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Controlled Perisho may be left-handed complement

By Tom D'Angelo


FORT MYERS -- Matt Perisho is hoping to settle down this season.


The left-hander, who has pitched in 17 cities during 11 professionals seasons, would like to call South Florida home. The journey has come attached with one recurring label: Perisho has a difficult time finding the plate.


"That's what I heard about him,'' Marlins pitching coach Wayne Rosenthal said.


Perisho, 28, is looking to shed that reputation as he attempts to solidify a spot in the Marlins bullpen.


"The drive for me right now it to prove everybody wrong,'' Perisho said. "The control thing has come up here. I've never bought into what people were saying. There have been mechanical struggles over the years, there's been mental struggles at times and there are some adjustment to be made.''


Perisho retired the only batter he faced Wednesday during the Marlins' 6-5 loss to Minnesota, strengthening his chances to occupy one of the left-handed spots in the bullpen. He got left-hander Mike Ryan to ground out to first base with a runner on third in the sixth inning. Perisho is one of about nine pitchers vying for three spots, but in reality, four left-handers -- Perisho, Franklyn Gracesqui, Tommy Phelps and Michael Tejera -- are fighting for one or two spots.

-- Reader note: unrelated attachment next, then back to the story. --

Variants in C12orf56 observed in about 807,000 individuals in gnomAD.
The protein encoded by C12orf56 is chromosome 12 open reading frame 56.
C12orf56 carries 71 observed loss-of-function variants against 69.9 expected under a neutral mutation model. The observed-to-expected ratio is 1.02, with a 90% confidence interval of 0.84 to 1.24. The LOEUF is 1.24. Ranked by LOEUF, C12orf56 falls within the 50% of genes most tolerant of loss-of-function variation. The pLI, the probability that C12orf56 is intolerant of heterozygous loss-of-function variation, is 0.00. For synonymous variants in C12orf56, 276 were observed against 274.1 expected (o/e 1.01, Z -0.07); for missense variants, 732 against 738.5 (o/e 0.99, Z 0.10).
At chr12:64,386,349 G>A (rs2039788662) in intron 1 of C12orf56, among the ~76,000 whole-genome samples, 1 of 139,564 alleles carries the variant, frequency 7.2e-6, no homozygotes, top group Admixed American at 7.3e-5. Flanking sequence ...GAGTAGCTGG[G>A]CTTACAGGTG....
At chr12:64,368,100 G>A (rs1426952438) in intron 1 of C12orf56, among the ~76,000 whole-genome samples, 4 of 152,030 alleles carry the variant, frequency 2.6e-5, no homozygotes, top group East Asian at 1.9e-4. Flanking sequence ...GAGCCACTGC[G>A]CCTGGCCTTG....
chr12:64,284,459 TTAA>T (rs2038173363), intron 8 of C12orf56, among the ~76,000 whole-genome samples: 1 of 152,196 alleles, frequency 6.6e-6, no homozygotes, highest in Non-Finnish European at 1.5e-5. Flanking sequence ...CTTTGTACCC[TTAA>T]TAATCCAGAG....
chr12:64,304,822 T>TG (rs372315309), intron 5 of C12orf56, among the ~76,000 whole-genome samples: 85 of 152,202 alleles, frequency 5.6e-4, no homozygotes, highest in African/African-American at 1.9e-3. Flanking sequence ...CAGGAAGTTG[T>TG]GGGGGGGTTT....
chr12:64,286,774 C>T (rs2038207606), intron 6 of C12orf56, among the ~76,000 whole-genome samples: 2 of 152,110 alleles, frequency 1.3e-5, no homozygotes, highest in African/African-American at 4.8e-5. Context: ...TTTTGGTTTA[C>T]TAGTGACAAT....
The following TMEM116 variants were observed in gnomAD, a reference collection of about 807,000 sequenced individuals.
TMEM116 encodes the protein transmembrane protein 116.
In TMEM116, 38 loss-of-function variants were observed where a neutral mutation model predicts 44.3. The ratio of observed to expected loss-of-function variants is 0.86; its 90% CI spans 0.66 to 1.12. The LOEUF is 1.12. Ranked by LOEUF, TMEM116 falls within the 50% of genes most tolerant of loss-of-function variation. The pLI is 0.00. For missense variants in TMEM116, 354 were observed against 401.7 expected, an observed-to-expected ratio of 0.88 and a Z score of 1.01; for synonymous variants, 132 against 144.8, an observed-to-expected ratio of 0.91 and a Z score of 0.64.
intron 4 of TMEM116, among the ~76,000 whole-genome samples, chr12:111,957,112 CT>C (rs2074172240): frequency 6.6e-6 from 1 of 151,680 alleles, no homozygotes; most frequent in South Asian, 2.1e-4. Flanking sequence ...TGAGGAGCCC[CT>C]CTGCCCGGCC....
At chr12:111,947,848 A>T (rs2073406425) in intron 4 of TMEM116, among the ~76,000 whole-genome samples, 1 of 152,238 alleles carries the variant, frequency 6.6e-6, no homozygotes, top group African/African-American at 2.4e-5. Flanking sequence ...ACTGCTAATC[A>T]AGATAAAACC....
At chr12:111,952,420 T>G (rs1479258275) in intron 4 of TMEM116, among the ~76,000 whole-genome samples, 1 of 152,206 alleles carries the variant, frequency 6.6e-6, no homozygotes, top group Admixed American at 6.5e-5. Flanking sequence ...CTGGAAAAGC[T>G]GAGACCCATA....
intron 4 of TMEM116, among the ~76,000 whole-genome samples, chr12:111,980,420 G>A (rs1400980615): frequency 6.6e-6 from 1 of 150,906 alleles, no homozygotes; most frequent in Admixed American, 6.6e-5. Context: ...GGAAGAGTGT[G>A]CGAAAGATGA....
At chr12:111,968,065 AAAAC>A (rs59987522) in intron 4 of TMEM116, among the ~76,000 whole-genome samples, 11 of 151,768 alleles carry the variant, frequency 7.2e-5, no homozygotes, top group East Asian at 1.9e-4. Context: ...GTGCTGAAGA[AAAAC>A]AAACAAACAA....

"A specialist would be fine with me,'' Perisho said. "I just really like pitching when the game is on the line.''


The Marlins adjusted Perisho's delivery early in spring, lining him up so he does not fly open and getting his front arm higher so he's throwing more over the top than from the side.


The results have been positive. In 6 2/3 innings, Perisho has walked two. He has a 1.42 ERA. From 1997 to 2002, Perisho pitched 215 innings for Anaheim, Texas and Detroit, and walked 125, an average of 5.2 per nine innings.


"I haven't seen any control problems,'' Rosenthal said. "He's been around the plate, he hasn't been wild. He's throwing strikes and getting guys out.''


Perisho was selected by the Angels in the third round in 1993. He made his professional debut five years later and was permanently moved to the bullpen in 2001, saying pitching in relief was "the most fun'' he's had playing baseball.


But the numbers didn't improve and Perisho's big league statistics (4-14, 7.07 ERA) prove how desperate teams are for left-handers.


Perisho admitted as much saying, "I figure I'm left-handed, everybody wants a lefty,'' when asked if he thought he might be out of chances when he played in Venezuela this winter hoping to be noticed.


He was, by his own manager, Luis Dorante, who manages the Marlins Class A affiliate in Jupiter and recommended his pitcher to the organization, Perisho's sixth. Perisho was 8-2 overall and had a 1.98 ERA in 13 2/3 innings in the playoffs.


"I've watched enough baseball through the years to know my stuff compared to the other people's stuff,'' Perisho said. "If I can throw strikes, I'll be all right.''

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